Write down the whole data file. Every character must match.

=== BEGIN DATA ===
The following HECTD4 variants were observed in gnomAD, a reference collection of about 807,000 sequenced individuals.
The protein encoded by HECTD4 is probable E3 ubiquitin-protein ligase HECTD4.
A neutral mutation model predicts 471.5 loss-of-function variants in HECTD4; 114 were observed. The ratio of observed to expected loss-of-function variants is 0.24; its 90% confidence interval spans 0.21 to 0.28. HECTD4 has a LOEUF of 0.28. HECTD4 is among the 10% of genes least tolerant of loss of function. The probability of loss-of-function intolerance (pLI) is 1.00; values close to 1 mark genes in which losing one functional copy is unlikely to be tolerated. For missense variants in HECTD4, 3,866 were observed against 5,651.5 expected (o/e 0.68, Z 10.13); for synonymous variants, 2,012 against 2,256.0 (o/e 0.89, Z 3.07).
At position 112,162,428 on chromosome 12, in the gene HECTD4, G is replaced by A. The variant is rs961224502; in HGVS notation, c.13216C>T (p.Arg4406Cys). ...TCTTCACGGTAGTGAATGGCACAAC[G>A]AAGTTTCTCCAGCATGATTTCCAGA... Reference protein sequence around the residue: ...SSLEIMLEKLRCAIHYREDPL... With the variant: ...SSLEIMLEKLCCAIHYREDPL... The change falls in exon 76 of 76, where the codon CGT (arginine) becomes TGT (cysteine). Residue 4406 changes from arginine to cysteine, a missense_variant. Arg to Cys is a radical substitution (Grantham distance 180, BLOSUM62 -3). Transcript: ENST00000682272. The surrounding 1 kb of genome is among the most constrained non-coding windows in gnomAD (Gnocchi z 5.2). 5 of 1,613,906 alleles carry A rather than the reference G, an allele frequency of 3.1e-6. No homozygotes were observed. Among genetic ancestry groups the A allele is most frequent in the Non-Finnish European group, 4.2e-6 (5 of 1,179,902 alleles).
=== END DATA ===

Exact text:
The following HECTD4 variants were observed in gnomAD, a reference collection of about 807,000 sequenced individuals.
The protein encoded by HECTD4 is probable E3 ubiquitin-protein ligase HECTD4.
A neutral mutation model predicts 471.5 loss-of-function variants in HECTD4; 114 were observed. The ratio of observed to expected loss-of-function variants is 0.24; its 90% confidence interval spans 0.21 to 0.28. HECTD4 has a LOEUF of 0.28. HECTD4 is among the 10% of genes least tolerant of loss of function. The probability of loss-of-function intolerance (pLI) is 1.00; values close to 1 mark genes in which losing one functional copy is unlikely to be tolerated. For missense variants in HECTD4, 3,866 were observed against 5,651.5 expected (o/e 0.68, Z 10.13); for synonymous variants, 2,012 against 2,256.0 (o/e 0.89, Z 3.07).
At position 112,162,428 on chromosome 12, in the gene HECTD4, G is replaced by A. The variant is rs961224502; in HGVS notation, c.13216C>T (p.Arg4406Cys). ...TCTTCACGGTAGTGAATGGCACAAC[G>A]AAGTTTCTCCAGCATGATTTCCAGA... Reference protein sequence around the residue: ...SSLEIMLEKLRCAIHYREDPL... With the variant: ...SSLEIMLEKLCCAIHYREDPL... The change falls in exon 76 of 76, where the codon CGT (arginine) becomes TGT (cysteine). Residue 4406 changes from arginine to cysteine, a missense_variant. Arg to Cys is a radical substitution (Grantham distance 180, BLOSUM62 -3). Transcript: ENST00000682272. The surrounding 1 kb of genome is among the most constrained non-coding windows in gnomAD (Gnocchi z 5.2). 5 of 1,613,906 alleles carry A rather than the reference G, an allele frequency of 3.1e-6. No homozygotes were observed. Among genetic ancestry groups the A allele is most frequent in the Non-Finnish European group, 4.2e-6 (5 of 1,179,902 alleles).